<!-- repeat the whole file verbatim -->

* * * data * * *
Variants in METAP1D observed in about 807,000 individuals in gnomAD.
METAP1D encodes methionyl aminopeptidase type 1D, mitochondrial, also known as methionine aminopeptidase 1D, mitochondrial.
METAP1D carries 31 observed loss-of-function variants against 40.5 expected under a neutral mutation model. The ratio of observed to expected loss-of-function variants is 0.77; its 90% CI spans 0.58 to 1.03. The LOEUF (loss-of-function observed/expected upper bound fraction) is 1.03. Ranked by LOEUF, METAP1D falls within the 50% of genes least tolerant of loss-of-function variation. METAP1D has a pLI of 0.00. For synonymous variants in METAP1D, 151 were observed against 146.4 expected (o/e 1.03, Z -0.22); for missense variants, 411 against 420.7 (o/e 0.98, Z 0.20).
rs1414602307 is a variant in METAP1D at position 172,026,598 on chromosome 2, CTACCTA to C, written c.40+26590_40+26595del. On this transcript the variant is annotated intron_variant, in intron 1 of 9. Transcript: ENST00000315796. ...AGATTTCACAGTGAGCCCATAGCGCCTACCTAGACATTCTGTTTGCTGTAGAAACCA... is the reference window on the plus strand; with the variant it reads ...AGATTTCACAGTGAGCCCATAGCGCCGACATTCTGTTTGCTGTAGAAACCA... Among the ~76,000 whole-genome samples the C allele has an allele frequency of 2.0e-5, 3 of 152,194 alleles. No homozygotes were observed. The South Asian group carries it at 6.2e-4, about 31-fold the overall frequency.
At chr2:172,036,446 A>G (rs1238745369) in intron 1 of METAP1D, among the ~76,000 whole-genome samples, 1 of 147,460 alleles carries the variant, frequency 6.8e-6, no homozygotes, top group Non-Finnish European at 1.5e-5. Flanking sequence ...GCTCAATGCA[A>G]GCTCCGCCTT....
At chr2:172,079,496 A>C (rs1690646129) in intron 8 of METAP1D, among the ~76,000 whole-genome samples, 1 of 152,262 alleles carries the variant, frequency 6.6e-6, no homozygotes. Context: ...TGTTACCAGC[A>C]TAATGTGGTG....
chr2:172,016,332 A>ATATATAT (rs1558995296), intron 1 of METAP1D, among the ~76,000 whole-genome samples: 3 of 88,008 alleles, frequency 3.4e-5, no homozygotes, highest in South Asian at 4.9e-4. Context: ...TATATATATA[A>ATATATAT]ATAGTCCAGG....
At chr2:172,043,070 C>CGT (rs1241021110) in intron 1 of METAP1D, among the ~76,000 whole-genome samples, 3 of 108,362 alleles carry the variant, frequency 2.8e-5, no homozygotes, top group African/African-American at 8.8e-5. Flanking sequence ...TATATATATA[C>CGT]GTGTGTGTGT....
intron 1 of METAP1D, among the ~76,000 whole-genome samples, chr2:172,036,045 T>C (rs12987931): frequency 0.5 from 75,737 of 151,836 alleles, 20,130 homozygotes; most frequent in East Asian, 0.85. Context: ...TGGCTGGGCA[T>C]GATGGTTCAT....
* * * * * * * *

Variants in METAP1D observed in about 807,000 individuals in gnomAD.
METAP1D encodes methionyl aminopeptidase type 1D, mitochondrial, also known as methionine aminopeptidase 1D, mitochondrial.
METAP1D carries 31 observed loss-of-function variants against 40.5 expected under a neutral mutation model. The ratio of observed to expected loss-of-function variants is 0.77; its 90% CI spans 0.58 to 1.03. The LOEUF (loss-of-function observed/expected upper bound fraction) is 1.03. Ranked by LOEUF, METAP1D falls within the 50% of genes least tolerant of loss-of-function variation. METAP1D has a pLI of 0.00. For synonymous variants in METAP1D, 151 were observed against 146.4 expected (o/e 1.03, Z -0.22); for missense variants, 411 against 420.7 (o/e 0.98, Z 0.20).
rs1414602307 is a variant in METAP1D at position 172,026,598 on chromosome 2, CTACCTA to C, written c.40+26590_40+26595del. On this transcript the variant is annotated intron_variant, in intron 1 of 9. Transcript: ENST00000315796. ...AGATTTCACAGTGAGCCCATAGCGCCTACCTAGACATTCTGTTTGCTGTAGAAACCA... is the reference window on the plus strand; with the variant it reads ...AGATTTCACAGTGAGCCCATAGCGCCGACATTCTGTTTGCTGTAGAAACCA... Among the ~76,000 whole-genome samples the C allele has an allele frequency of 2.0e-5, 3 of 152,194 alleles. No homozygotes were observed. The South Asian group carries it at 6.2e-4, about 31-fold the overall frequency.
At chr2:172,036,446 A>G (rs1238745369) in intron 1 of METAP1D, among the ~76,000 whole-genome samples, 1 of 147,460 alleles carries the variant, frequency 6.8e-6, no homozygotes, top group Non-Finnish European at 1.5e-5. Flanking sequence ...GCTCAATGCA[A>G]GCTCCGCCTT....
At chr2:172,079,496 A>C (rs1690646129) in intron 8 of METAP1D, among the ~76,000 whole-genome samples, 1 of 152,262 alleles carries the variant, frequency 6.6e-6, no homozygotes. Context: ...TGTTACCAGC[A>C]TAATGTGGTG....
chr2:172,016,332 A>ATATATAT (rs1558995296), intron 1 of METAP1D, among the ~76,000 whole-genome samples: 3 of 88,008 alleles, frequency 3.4e-5, no homozygotes, highest in South Asian at 4.9e-4. Context: ...TATATATATA[A>ATATATAT]ATAGTCCAGG....
At chr2:172,043,070 C>CGT (rs1241021110) in intron 1 of METAP1D, among the ~76,000 whole-genome samples, 3 of 108,362 alleles carry the variant, frequency 2.8e-5, no homozygotes, top group African/African-American at 8.8e-5. Flanking sequence ...TATATATATA[C>CGT]GTGTGTGTGT....
intron 1 of METAP1D, among the ~76,000 whole-genome samples, chr2:172,036,045 T>C (rs12987931): frequency 0.5 from 75,737 of 151,836 alleles, 20,130 homozygotes; most frequent in East Asian, 0.85. Context: ...TGGCTGGGCA[T>C]GATGGTTCAT....